Monitoring, orchestration and operations-management tools
We could write an entire research note on this topic alone, but this is certainly an emerging area and there are numerous vendors already establishing some solid credentials in this space.
Zenoss offers a variety of cloud monitoring and costing products.This is probably more than you initially want if you are just after costing comparisons, but it offersa complete solution for cloud operations management. It provides comprehensive cloud computing monitoring of networks, devices and relationships among your physical, virtual and cloud devices. It has extensive video demos and tutorials on its site.
VKernel provides a free capacity planning tool called CapacityView. The tool is Windows-only and connects to your vCenter or ESX server and quickly gives you a lay of your virtual landscape. Sometimes you lose track of what you have actually running in your cloud, so this can be helpful. While much of this information is available through various VMware consoles and displays, it is nice to have everything consolidated into a single dashboard.
Newvem.comis just in beta, and it provides a rather nifty dashboard showing you the status of your various Amazon Web Services projects only. Presently it is free and worth a look. It also reports on potential open ports, unreliable servers and other abnormalities it finds in your AWS account. The report takes a day to compile before you can access it online.
RightScale supports the largest collection of public and private cloud providers, including AWS, Rackspace, OpenStack and others. You can examine all cloud resource usage for compute, networking and storage. You can also manage your block storage volumes and object stores to enable web serving, content delivery, persistent data storage and backups.
Pure costing tools
If all you care about is your monthly cloud-hosting bill, then focus first on one of these services. Some handle comparisons with several providers, while others are limited to just AWS.
PlanForCloud is perhaps the most comprehensive costing tool, and it is also free of charge. It covers thousands of price points with AWS, Azure, Google and Rackspace, and it can print out some very nice graphs such as the one below that can be shared with management. Two nice things about this service are that it explains the reasons why your costs are what they are (such as “Uses an extra 10 GBs of storage every month, hence the gradual monthly cost increase”) and it also allows you to experiment with elasticity assumptions to test how your costs will change in the future (it purchased the former ShopForCloud service).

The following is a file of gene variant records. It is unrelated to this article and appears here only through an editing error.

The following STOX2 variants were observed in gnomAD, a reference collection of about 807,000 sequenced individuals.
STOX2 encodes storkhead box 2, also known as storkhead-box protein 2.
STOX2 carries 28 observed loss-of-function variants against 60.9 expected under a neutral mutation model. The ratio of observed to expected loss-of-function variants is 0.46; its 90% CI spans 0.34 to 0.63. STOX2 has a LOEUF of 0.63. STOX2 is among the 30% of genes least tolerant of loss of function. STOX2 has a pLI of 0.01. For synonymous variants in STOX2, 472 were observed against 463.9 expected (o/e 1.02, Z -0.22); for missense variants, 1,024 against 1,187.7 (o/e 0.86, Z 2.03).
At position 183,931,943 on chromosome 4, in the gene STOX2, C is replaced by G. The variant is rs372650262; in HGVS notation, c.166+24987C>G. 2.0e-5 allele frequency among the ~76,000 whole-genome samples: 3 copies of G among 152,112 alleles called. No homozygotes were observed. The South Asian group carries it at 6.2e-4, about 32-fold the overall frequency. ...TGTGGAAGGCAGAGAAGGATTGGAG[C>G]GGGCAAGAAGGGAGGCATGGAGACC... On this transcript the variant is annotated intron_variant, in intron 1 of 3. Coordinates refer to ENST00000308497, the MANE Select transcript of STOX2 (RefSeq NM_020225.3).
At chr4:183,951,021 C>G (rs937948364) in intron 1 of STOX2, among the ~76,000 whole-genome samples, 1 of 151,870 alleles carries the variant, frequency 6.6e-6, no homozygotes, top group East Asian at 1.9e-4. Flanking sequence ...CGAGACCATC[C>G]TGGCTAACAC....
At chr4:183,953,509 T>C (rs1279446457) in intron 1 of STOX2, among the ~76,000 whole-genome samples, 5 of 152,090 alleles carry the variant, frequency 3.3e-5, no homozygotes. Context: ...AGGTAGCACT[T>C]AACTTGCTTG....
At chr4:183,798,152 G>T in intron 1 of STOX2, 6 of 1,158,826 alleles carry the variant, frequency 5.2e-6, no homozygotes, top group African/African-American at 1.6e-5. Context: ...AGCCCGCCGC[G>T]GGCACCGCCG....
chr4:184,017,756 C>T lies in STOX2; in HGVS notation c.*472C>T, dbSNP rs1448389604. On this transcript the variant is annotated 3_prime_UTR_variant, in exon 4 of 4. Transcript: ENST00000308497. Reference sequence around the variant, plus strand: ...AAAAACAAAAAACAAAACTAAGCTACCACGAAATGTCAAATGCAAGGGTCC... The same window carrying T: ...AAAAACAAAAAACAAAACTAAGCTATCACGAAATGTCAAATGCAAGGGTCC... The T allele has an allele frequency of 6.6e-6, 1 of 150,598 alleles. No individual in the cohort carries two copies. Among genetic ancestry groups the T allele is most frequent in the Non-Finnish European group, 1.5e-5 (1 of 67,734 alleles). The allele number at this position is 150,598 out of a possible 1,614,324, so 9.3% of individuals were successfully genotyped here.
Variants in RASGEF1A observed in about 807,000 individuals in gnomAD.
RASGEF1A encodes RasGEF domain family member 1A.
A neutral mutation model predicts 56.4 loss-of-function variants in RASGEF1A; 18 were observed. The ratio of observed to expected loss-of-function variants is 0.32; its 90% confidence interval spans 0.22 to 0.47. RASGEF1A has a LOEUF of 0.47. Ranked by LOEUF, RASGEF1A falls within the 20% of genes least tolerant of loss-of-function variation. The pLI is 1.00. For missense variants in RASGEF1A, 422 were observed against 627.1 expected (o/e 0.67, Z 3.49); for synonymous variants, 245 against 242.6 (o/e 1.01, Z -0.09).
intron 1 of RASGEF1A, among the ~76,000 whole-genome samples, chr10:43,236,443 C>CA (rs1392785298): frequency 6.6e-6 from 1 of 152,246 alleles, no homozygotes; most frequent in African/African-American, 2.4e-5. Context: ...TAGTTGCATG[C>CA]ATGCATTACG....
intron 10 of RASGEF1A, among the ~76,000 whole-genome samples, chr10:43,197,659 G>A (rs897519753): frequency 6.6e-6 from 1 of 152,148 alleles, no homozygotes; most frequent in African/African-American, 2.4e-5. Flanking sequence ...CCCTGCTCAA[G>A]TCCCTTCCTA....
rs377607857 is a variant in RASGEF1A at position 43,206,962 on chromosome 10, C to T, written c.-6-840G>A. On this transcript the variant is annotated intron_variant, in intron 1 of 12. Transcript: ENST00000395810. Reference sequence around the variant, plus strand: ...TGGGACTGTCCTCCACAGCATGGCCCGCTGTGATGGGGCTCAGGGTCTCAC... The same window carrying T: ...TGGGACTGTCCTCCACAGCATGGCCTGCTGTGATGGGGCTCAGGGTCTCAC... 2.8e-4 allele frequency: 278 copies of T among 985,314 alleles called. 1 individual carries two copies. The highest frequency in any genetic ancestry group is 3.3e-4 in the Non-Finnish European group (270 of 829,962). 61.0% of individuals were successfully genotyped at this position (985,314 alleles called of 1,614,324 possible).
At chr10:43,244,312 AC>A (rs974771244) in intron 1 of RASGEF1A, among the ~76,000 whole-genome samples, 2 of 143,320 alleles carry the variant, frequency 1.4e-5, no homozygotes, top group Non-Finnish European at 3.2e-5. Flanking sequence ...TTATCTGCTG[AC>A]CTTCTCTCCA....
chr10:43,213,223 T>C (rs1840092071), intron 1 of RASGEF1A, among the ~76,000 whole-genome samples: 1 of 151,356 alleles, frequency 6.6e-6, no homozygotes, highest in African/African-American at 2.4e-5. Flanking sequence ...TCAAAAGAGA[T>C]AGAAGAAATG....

Uptime Software has its uptimeCloud that will show you the current costs of all of your running instances as well as make recommendations for how to save money by changing your cloud configuration. Right now it just works with Amazon, but more services are planned. You can try it out for free for a month, and then there are various plans starting at $35 per month.
Cloud Cruiser is another tool that is available for both private and public cloud environments with an extensive series of reports and dashboards. It guarantees within the first month that it can identify a minimum of 10 percent cost savings in your operations or it will give you your money back.
Cloudorado has a nifty graphical tool: You dial in your RAM, disk and CPU and it presents the final calculated price for more than a dozen different providers. There is a more advanced mode where you can specify multiple servers and more-complex configurations.
Cloudability has a variety of tools available that include costing and monitoring, and you can set up a free account to try them all out. There is also a Pro account that starts at $49 per month that has detailed reports and additional features. It also has a way for you to segment your costs by department or other cost-center groupings.
Cloudsizer is another tool that has more than a dozen different public cloud providers that can help you track costs. It has two different plans, a free Express one that can handle smaller instances and a Pro plan that sells for AU$300. The results are presented in a simple summary bar graph.
Reliability measurement tools
Pricing your cloud is nice, but what if your cloud provider is less than reliable in your particular part of the world? That is when you need a tool that can show you the past performance history of your provider. And while the past is not necessarily the best predictor of the future, it does give you an inkling of what you can expect from cloud connections to particular providers. Here are two services to consider: